Paulding-Putnam Electric Cooperative has steadily whittled down the number of power outages caused by the June 29 windstorm. However, co-op crews are still working to restore service to approximately 1,325 members. Most of these are in an area south of the Miller City Substation and around Convoy.

Repairs to a heavily damaged high-voltage transmission line owned by American Electric Power (AEP) could mean most of the remaining outages could be cleared earlier than the projected July 15 date. More the 50 poles were damaged along this transmission route. Paulding-Putnam distribution lines were attached to the same structures.

"AEP projects having all transmission structure damage repaired by this weekend. This will enable us to get our folks back in service. Large blocs of members will regain power," said George Carter, CEO and general manager.

Details of this restoration work will be available at a community meeting tomorrow (Saturday) at 2 p.m. at the Miller City Fire Department. There are certain actions co-op members can take to facilitate these efforts, according to Carter.

He advises that portable generators should be switched off when co-op crews begin work in the area. Generators can back-feed current onto the lines, endangering workers. Co-op members also are encouraged to make sure all lights and appliances are off in their homes to avoid "cold load" problems that could cause substation breakers to trip.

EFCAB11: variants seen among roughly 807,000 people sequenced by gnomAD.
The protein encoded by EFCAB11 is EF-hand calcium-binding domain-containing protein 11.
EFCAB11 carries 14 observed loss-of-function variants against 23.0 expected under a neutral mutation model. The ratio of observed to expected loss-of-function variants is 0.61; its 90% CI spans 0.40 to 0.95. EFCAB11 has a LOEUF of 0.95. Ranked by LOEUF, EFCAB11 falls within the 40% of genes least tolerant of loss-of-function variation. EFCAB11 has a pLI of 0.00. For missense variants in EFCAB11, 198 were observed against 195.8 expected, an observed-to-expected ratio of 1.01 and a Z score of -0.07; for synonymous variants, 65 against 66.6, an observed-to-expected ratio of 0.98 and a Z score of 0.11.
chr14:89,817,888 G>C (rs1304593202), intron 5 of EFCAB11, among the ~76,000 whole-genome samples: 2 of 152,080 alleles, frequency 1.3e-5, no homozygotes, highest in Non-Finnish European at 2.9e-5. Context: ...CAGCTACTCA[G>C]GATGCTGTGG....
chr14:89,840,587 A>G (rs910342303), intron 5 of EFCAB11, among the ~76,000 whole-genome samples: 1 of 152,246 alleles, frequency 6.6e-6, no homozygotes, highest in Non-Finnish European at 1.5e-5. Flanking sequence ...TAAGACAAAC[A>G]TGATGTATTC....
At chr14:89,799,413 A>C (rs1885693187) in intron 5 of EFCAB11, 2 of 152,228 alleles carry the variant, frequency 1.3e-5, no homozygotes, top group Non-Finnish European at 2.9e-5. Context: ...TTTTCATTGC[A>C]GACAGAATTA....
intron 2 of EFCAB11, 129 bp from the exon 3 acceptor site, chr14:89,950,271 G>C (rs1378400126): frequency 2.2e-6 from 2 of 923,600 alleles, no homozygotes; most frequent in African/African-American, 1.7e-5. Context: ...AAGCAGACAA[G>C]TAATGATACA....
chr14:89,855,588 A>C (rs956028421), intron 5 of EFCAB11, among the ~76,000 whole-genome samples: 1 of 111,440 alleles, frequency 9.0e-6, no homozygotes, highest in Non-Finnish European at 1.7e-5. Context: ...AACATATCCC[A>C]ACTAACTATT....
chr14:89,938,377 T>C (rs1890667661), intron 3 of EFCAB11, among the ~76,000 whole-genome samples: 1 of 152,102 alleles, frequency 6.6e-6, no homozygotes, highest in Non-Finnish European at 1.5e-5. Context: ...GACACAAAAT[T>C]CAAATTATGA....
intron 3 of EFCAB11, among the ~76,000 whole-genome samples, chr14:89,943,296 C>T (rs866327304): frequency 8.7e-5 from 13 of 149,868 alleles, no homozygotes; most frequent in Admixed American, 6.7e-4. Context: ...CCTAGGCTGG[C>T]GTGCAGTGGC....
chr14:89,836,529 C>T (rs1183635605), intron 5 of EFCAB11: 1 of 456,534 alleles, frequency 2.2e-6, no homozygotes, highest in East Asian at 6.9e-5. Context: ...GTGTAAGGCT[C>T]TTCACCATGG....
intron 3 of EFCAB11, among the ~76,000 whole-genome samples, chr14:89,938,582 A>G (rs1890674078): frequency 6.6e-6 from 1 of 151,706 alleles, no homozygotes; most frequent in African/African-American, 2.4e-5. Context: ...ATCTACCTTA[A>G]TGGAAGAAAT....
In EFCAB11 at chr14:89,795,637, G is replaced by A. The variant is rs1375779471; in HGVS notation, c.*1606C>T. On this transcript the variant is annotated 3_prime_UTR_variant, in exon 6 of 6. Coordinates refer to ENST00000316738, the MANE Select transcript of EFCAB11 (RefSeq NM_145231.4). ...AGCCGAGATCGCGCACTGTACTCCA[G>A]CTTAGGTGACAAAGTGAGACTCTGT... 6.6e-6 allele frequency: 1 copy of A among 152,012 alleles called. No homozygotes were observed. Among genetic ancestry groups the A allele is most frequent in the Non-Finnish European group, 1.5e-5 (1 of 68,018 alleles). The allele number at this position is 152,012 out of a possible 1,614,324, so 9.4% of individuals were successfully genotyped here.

Paulding-Putnam was one of the hardest hit electric cooperatives in Ohio. The storm packing hurricane-force winds left 140,000 co-op members statewide without power. Many of the outages were caused by loss of transmission service to substations. Thousands of outages remain a week after the event, but co-ops are leading the way in restoration efforts.

"Our linemen and assisting crews from Michigan and other Ohio electric co-ops are working hard in severe conditions," Carter said, noting the 100-degree heat indices and broiling sun. "They are committed to seeing this through to the end and making certain everyone has their electricity back. Please be patient for a little longer. This was a huge storm front, and it has taken a corresponding effort to get things back to normal."

More than one million Ohioans were plunged into darkness by the storm and in excess of three million were without power in the Midwest and eastern U.S. Hundreds of thousands of homes remain without electricity in the Columbus area and central Ohio.